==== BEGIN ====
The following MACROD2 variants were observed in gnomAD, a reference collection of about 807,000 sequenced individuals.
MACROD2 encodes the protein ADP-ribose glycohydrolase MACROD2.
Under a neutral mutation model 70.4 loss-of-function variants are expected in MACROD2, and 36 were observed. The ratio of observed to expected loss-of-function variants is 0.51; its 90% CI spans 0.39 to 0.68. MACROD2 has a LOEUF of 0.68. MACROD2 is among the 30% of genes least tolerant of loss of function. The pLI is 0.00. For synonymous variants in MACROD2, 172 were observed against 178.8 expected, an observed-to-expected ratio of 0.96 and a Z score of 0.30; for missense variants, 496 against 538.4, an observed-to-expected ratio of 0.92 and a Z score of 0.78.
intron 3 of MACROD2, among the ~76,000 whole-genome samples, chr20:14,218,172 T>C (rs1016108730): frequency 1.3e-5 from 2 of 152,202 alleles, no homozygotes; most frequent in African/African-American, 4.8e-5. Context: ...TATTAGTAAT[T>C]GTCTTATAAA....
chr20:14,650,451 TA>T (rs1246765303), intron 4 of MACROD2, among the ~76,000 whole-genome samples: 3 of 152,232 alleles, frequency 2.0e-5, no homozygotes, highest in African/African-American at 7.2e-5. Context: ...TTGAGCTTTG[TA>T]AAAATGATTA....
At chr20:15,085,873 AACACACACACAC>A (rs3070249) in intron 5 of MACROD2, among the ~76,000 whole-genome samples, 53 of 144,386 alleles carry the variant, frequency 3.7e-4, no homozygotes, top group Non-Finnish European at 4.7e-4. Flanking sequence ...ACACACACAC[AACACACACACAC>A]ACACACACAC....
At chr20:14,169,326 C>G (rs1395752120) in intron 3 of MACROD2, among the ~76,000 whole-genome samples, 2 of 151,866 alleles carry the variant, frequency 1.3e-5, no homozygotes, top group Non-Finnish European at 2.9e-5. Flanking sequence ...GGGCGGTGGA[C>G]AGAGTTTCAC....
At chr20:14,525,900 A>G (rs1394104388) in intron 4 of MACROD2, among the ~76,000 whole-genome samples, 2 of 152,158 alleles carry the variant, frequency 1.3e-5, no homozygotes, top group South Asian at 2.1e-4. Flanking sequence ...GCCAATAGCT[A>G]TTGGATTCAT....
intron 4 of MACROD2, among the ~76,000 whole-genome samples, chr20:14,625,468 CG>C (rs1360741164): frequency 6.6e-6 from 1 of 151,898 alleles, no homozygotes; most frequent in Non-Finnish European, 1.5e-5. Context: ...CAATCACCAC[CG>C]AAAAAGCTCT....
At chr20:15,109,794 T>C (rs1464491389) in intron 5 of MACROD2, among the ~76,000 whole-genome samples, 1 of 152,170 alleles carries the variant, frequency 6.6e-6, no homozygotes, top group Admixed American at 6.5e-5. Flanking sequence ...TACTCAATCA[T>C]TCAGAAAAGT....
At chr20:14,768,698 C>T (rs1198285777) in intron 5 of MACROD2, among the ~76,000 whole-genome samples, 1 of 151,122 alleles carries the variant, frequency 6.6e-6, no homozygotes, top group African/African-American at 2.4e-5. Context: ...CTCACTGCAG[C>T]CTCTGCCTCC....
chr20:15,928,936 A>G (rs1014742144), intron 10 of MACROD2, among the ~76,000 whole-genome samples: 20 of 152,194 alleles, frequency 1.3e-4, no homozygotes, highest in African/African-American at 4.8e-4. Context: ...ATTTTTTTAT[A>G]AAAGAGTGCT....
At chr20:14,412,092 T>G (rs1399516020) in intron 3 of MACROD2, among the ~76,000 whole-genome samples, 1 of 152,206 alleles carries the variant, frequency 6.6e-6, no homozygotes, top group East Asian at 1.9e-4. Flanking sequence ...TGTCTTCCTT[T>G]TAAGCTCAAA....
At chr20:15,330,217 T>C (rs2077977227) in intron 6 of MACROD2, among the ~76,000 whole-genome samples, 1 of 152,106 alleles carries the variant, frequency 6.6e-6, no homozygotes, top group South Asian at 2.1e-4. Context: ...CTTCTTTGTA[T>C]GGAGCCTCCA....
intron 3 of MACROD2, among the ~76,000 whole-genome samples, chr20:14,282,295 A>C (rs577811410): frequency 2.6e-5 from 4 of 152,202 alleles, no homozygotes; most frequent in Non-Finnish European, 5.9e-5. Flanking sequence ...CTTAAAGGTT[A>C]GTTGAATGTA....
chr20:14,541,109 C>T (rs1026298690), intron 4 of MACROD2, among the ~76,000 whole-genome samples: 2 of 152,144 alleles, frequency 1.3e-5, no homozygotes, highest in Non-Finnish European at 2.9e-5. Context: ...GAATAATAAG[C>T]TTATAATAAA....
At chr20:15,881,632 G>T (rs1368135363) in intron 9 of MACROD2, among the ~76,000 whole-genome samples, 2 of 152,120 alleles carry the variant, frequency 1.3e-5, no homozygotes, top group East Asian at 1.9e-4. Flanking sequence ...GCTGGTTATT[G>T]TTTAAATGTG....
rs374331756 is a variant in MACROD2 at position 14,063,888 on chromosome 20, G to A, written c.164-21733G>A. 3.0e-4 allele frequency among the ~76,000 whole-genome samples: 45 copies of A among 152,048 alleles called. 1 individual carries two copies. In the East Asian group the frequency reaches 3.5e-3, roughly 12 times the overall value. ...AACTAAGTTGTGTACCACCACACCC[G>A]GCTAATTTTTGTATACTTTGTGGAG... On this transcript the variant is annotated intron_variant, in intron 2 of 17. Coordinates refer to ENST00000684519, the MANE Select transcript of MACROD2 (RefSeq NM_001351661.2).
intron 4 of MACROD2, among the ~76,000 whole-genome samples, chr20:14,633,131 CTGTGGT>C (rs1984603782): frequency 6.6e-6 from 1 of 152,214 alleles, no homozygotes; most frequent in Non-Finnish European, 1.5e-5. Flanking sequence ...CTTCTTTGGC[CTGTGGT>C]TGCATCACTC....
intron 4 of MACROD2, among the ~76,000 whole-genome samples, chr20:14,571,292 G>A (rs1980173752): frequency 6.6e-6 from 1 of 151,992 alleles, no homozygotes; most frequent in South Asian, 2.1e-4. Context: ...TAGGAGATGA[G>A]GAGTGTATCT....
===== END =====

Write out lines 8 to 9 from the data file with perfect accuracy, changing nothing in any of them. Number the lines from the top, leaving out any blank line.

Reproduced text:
At chr20:14,525,900 A>G (rs1394104388) in intron 4 of MACROD2, among the ~76,000 whole-genome samples, 2 of 152,158 alleles carry the variant, frequency 1.3e-5, no homozygotes, top group South Asian at 2.1e-4. Flanking sequence ...GCCAATAGCT[A>G]TTGGATTCAT....
intron 4 of MACROD2, among the ~76,000 whole-genome samples, chr20:14,625,468 CG>C (rs1360741164): frequency 6.6e-6 from 1 of 151,898 alleles, no homozygotes; most frequent in Non-Finnish European, 1.5e-5. Context: ...CAATCACCAC[CG>C]AAAAAGCTCT....